Sep 9, 2018

Starting With the Why


Did I tell you?  I have a new math teammate this year.  It has been a lot of fun to share ideas, listen to ideas, and learn about new resources.  I can be awfully opinionated when it comes to math because for so long I had no knowledge, no deep understanding, and no confidence.  Because it took me until my adulthood to have a foundational understanding in basic math, I now have opinions.  Our students deserve the best math instruction.

And when there is a new teammate on board, I have to be sure to listen.  Then share my thoughts.  But listening is key because I have more to learn.

This year Ryan started off his year like we have done in first grade previously, but with some added twists!

But let's back up, just a bit.

Many times at parent teacher conferences we hear, "they don't have a math brain."  Or, "I wasn't good at math, so they are not either."  Basically, there are already preconceived notions about math.  Very often we have found that young children do not understand why math is important in everyday life.  So we have to take time at the beginning of the year to start with the why.

Ryan did just that this year.  He started with a simple web.  It posed the question, "Why do we need math?"  There may have been some cricket noises, but a couple of reasons were given.  This is to be expected and perfectly okay.  Because now the brainstorming can begin!

why do we need math powerpoint

This Powerpoint has slides within it from around my neighborhood. Phone numbers, speed limits, gas prices, and addresses are some of the images included.  Once you display a slide, just ask the students to talk about it.  Share their thoughts about how it relates to math and why it is so important to us. Just click on the image to grab it for free.

Ryan also used a video this year.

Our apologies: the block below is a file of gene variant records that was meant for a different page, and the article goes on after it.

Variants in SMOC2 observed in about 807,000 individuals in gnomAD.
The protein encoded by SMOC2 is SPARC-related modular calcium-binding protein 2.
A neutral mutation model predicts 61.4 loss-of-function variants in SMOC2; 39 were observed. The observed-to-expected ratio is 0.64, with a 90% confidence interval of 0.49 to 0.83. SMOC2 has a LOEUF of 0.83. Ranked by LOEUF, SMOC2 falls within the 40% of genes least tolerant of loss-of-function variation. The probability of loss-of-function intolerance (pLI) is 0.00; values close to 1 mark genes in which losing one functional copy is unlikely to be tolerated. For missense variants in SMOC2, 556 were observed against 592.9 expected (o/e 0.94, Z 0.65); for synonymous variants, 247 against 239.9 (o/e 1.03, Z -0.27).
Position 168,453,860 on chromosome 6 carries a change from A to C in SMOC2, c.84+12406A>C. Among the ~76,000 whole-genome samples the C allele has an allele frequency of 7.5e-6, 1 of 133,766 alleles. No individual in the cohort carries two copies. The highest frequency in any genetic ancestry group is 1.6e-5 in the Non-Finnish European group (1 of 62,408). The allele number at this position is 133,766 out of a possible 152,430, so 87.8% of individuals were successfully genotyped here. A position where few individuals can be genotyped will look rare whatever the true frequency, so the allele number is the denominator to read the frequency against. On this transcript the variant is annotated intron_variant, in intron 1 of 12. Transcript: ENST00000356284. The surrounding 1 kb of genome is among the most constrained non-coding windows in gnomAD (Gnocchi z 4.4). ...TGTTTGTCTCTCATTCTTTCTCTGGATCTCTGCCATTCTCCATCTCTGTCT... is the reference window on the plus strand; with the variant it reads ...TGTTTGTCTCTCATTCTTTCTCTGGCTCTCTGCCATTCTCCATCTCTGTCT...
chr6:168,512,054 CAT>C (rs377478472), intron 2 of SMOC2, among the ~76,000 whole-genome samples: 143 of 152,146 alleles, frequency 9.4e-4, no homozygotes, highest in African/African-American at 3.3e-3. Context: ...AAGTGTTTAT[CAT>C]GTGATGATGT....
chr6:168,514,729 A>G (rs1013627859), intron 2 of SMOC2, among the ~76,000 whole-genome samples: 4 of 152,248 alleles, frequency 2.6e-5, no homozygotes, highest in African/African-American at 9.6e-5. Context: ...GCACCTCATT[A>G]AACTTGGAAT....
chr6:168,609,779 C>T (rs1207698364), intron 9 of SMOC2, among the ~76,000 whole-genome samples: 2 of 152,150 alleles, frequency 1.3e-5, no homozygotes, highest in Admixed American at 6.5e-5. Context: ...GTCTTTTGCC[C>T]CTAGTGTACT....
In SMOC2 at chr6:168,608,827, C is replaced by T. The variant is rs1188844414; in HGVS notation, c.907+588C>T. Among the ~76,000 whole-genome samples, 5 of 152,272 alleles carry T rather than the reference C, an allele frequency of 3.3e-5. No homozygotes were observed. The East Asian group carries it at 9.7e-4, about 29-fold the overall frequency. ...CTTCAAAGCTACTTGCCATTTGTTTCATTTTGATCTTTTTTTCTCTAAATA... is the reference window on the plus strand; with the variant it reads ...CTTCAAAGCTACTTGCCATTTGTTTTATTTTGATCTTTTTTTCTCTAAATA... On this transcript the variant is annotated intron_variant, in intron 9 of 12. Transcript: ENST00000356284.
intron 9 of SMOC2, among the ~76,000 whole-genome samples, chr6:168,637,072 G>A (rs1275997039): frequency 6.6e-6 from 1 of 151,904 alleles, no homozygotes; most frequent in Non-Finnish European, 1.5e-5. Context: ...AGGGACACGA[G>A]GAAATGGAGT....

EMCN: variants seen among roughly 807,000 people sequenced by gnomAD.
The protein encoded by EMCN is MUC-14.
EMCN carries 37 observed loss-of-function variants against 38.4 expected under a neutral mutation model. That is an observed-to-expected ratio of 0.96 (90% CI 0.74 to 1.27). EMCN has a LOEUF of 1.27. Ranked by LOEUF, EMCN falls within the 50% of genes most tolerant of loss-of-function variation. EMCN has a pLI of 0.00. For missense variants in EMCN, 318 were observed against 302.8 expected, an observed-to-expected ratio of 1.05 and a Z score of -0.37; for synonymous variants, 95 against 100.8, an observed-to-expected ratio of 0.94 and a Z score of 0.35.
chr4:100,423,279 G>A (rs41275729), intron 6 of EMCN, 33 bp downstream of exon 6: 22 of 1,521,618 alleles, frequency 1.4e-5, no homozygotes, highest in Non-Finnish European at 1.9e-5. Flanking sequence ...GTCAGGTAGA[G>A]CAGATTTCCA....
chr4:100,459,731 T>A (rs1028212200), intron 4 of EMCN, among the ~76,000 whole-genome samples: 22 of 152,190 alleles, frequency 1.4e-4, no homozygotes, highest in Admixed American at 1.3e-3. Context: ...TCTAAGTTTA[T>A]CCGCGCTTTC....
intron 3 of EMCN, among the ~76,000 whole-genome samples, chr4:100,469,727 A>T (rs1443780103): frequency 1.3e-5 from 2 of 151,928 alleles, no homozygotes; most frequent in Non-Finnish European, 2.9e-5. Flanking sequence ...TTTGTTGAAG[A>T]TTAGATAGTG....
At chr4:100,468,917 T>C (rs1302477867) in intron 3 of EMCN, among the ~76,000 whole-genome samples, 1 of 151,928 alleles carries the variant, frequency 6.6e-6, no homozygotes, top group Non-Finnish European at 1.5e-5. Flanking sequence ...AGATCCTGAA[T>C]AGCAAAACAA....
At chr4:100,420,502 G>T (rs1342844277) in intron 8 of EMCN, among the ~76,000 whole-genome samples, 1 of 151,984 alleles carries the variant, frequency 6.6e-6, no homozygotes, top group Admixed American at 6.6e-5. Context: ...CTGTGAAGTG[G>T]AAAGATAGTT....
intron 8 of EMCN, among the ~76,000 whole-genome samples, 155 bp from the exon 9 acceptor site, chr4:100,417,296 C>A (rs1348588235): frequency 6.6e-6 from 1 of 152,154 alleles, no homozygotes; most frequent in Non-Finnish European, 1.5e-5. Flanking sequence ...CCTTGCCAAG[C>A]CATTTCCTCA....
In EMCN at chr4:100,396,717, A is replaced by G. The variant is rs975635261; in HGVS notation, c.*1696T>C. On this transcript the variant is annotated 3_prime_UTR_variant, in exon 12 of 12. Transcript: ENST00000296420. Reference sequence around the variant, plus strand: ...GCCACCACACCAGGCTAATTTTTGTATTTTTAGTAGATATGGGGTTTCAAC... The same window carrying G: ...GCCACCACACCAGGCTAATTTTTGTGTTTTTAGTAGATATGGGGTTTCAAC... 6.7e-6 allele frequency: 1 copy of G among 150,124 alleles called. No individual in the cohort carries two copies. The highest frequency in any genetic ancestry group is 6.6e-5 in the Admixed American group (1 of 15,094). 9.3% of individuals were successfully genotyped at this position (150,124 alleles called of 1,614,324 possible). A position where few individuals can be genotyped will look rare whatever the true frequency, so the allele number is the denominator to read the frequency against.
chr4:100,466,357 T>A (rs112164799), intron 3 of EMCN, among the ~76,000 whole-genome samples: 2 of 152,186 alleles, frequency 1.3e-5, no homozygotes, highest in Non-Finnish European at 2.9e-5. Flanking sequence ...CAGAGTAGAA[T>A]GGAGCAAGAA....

why is math important
 As the powerpoint focuses on signs and symbols around the community, this video focuses on professions and actions you take to utilize math skills.  Sports, construction, shopping, and driving are all included.

So what did the kids come up with?  Remember that web that Ryan started with the students?  They came back to that and added to their thinking.  This picture speaks louder than my words.  The blue is before the Powerpoint and video.  The purple is after.


Conversation in the classroom is so powerful.  Just look at what it did!

Aug 20, 2018

Classroom Spaces




The space we inhabit on a day to day basis is important.  We all have our own styles, comfort levels, and quirks.  It can make sharing a space with little ones easy or hard.  It can make sharing a space with other adults easy or hard.  Regardless of all of this, one thing is pretty clear...starting the year off with a fresh start is essential.

This does not mean you buy all new things or you have a new "look" to your room each year.  Nope.  It just means that you feel fresh, organized (whatever that means for you), and ready to welcome a new batch of faces.

I no longer have a room since I teach in a smaller group format.  But my little corner is an important one to me.  So it is clean and ready to be added to by the readers and writers that I will work with.  As I walked around my building today, everyone was working so hard to make our students feel welcome.  And I found that there were special parts to each room that I walked into.

When I walked into both of these second grade classrooms, there was an inviting feel. The soft greens and browns of this room felt calming.  The cute cacti hanging out around the room give it some fun pops of color! I loved her empty boards around the room that were ready to be filled up by students.

The other room is splashed with pinks, yellows, and greens.  The colors are fun and engaging.  This small centerpiece hangs over a round table, giving it a feel of importance and excitement.


Our third second grade teacher has been working to integrate flexible seating into her classroom.  When I walked into her room this year, I found a small picnic table.  I was drawn to it immediately.  The students are surrounded by many different seating options to fit their diverse needs!



As I moved into the first grade classrooms, I found different parts of each room that I gravitated towards.  Our newest first grade team member, had freshly painted boards eagerly awaiting to be filled by students and a ready to use calming corner.  This little area has books, a stuffed buddy, and a cozy chair.